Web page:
If db3 files are used the mail/pop/imap setup will be much more stable and perhaps efficient.

    postfix restarts automatically every time it detects a change in an external hash table.

    On the other hand I known mysql toasters can be very very reliable. I have one with some 1000 accounts on it that was installed in the woody era and has since been upgraded several times: it's rock solid but again it's a dedicated machine and is a pure toaster. No joomla sites to hog the mysql db.

    Not trying to steer development here... just interested in your opinion.

  6. till

    till Super Moderator Staff Member ISPConfig Developer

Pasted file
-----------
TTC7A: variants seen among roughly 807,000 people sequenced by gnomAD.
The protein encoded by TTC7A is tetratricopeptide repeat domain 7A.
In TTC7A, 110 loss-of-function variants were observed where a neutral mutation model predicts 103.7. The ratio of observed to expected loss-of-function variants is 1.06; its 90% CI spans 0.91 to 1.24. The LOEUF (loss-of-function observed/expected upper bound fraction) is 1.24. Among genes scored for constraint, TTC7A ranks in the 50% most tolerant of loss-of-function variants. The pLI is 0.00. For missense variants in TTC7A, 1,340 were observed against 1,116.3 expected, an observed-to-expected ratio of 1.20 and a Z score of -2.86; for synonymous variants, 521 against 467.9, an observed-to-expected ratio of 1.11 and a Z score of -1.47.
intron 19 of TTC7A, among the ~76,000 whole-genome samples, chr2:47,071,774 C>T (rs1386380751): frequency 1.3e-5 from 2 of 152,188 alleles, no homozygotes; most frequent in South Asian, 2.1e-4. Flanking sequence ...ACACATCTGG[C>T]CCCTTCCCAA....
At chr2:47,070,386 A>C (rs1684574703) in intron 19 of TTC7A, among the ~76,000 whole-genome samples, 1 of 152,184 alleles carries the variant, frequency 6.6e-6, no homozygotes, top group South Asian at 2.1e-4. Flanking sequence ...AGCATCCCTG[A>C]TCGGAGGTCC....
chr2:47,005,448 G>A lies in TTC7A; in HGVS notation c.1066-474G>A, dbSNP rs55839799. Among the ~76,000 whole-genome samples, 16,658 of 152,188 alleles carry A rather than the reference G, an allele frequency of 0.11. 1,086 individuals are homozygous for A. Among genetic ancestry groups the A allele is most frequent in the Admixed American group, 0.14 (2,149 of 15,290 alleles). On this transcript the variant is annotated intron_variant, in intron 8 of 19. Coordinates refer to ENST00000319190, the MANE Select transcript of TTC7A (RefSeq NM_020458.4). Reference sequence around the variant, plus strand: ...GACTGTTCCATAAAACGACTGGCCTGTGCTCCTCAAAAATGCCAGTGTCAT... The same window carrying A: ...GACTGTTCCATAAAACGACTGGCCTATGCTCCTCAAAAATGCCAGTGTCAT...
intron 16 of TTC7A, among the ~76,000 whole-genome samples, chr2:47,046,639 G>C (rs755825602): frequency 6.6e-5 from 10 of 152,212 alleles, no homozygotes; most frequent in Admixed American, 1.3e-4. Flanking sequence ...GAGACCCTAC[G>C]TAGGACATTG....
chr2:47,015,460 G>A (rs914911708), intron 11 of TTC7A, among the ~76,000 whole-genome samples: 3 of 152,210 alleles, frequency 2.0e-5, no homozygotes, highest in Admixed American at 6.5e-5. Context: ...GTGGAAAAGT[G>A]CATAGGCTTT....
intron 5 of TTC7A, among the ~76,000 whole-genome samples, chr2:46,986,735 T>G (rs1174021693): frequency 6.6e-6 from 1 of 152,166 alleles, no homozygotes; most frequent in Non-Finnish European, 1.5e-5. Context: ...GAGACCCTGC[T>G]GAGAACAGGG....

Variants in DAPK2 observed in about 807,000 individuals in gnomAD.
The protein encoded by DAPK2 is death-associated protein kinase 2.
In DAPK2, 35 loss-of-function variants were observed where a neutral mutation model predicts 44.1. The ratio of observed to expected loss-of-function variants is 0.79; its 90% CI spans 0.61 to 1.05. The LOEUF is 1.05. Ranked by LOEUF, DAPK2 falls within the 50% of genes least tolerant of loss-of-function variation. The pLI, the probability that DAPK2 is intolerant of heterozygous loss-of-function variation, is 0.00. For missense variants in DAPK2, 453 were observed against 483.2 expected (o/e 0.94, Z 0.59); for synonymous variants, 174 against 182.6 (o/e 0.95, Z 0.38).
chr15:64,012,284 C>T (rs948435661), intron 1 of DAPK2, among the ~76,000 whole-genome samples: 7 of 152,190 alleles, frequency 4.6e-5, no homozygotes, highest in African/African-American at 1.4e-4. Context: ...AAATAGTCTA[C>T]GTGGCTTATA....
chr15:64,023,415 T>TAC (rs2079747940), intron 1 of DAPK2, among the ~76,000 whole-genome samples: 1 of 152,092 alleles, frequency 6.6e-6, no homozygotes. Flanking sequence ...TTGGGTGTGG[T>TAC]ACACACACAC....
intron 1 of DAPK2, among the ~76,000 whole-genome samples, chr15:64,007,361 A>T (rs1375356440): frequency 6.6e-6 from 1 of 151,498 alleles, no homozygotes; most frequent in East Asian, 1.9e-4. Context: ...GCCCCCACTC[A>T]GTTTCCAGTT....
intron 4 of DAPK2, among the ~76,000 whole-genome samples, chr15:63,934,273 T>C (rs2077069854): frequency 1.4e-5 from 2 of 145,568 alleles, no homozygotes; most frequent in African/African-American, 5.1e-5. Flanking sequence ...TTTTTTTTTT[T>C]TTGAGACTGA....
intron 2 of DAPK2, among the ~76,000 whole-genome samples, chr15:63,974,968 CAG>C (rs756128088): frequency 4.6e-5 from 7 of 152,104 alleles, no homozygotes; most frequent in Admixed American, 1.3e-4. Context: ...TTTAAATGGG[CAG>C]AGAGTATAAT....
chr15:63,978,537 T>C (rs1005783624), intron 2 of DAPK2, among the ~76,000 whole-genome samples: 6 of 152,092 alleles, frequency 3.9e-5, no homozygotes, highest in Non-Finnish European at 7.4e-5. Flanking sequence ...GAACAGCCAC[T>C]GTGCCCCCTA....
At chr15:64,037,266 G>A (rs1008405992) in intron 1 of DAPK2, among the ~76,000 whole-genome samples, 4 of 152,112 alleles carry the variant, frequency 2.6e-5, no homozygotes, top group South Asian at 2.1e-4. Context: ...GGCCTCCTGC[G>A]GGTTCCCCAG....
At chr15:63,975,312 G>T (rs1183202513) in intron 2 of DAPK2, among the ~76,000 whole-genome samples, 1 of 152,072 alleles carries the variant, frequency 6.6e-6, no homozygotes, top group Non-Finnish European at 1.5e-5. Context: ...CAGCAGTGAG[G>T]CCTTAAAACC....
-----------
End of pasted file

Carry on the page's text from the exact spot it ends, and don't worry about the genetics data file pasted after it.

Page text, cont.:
ISPConfig is a multiserver controlpanel, so you run normally one or more dedicated mailservers (or virtual machines) in your ispconfig cluster if you have a larger setup. A few thousand email accounts are no problem for the current setup on a single server / vm and you can run as many mailservers in a setup as you need.

    We had a hash based setup in ispconfig 2 but found the mysql setup to scale better and the account information can also be accessed directly by the pop3 / imap daemon.

    As ispconfig replicates the mysql contents based on events and every node in the cluster has its own mysql database, no other node is affected when the master or any other node goes down. When a node was offline, it resyncs automatically and fetches all config changes from the master.

    I run a webserver with the current setup for over 2 years now without a single problem caused by mysql.

    If you prefer to use hash files, you can write a plugin for it that simply creates a new hash file.
  7. ispcomm